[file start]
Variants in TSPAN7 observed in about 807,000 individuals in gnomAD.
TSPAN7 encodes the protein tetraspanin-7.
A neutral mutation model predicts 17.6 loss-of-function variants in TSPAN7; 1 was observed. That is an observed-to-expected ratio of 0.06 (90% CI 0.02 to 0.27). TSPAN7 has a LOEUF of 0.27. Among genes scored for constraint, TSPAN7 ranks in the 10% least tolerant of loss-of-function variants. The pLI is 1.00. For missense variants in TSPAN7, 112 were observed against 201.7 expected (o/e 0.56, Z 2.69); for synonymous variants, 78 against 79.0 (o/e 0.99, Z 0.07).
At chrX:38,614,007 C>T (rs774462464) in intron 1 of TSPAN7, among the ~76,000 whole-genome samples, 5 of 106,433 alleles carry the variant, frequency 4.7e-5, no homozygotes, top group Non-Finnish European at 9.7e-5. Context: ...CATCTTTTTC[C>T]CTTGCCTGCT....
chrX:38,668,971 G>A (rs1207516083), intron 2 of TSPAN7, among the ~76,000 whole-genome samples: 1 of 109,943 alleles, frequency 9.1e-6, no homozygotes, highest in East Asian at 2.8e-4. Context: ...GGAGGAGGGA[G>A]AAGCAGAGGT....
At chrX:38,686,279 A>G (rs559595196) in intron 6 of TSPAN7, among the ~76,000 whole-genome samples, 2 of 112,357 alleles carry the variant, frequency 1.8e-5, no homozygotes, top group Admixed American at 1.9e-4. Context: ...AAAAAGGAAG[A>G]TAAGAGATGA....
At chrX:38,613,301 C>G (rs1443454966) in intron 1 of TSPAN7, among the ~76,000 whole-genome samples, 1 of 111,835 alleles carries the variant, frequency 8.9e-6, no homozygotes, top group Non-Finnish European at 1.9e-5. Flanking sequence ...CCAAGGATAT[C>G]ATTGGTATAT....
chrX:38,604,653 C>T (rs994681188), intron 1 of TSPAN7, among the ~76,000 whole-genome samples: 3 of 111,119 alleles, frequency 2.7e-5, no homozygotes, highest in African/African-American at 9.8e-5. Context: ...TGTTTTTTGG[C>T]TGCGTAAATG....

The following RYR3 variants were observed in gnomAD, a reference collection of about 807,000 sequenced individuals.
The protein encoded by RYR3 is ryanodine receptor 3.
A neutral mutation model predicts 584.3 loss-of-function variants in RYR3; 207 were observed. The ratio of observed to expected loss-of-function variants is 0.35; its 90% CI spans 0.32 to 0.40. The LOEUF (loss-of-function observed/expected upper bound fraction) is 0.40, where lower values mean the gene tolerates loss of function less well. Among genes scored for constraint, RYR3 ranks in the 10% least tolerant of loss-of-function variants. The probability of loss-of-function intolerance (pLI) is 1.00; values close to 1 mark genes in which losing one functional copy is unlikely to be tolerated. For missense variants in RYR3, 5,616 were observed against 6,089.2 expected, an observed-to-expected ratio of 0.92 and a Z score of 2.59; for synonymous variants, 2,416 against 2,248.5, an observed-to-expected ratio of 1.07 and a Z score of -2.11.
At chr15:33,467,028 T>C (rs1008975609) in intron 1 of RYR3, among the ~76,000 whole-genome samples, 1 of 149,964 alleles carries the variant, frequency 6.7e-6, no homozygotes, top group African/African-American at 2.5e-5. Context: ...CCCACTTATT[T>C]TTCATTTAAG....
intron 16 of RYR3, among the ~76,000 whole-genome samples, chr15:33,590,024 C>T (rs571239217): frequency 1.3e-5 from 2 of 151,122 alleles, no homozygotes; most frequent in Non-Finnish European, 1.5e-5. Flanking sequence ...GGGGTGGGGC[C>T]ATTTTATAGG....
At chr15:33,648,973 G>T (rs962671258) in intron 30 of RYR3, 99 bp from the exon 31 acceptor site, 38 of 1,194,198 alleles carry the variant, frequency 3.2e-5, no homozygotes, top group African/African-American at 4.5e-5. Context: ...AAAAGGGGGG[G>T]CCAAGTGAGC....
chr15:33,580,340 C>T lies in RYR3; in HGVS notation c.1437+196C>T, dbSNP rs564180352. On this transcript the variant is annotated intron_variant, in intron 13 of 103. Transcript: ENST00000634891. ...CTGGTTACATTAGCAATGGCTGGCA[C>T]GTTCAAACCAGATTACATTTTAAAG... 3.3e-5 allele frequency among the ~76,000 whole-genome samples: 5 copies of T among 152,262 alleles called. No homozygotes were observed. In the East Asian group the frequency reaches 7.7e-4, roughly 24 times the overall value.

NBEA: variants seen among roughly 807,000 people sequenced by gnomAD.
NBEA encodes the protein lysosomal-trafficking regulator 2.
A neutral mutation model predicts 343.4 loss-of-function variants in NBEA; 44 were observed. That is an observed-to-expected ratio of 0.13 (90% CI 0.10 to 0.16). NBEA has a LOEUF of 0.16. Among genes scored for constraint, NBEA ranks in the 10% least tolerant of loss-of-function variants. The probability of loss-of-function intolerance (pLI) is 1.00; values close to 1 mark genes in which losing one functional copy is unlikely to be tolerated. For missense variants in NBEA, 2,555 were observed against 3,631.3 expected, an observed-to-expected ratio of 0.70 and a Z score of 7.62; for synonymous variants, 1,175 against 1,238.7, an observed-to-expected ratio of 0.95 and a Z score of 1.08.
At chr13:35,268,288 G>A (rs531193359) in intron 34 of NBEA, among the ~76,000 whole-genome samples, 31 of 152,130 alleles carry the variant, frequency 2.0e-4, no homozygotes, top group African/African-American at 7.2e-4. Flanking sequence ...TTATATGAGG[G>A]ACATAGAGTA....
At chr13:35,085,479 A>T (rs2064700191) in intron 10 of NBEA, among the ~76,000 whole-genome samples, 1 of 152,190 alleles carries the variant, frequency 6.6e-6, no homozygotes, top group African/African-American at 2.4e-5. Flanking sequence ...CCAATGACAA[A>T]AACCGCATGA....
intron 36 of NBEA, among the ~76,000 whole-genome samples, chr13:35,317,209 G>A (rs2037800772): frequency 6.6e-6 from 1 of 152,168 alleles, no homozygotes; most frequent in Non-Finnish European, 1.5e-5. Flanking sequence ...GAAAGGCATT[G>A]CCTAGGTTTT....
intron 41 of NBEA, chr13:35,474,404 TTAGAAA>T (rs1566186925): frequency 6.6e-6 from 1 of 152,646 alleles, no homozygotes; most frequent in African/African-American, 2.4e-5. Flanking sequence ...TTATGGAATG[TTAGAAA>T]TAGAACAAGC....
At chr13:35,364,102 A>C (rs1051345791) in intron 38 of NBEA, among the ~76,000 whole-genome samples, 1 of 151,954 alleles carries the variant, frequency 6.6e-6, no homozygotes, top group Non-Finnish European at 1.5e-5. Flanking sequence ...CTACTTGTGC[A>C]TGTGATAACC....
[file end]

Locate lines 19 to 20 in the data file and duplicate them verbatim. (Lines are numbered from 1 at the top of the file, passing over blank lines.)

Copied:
At chr13:35,268,288 G>A (rs531193359) in intron 34 of NBEA, among the ~76,000 whole-genome samples, 31 of 152,130 alleles carry the variant, frequency 2.0e-4, no homozygotes, top group African/African-American at 7.2e-4. Flanking sequence ...TTATATGAGG[G>A]ACATAGAGTA....
At chr13:35,085,479 A>T (rs2064700191) in intron 10 of NBEA, among the ~76,000 whole-genome samples, 1 of 152,190 alleles carries the variant, frequency 6.6e-6, no homozygotes, top group African/African-American at 2.4e-5. Flanking sequence ...CCAATGACAA[A>T]AACCGCATGA....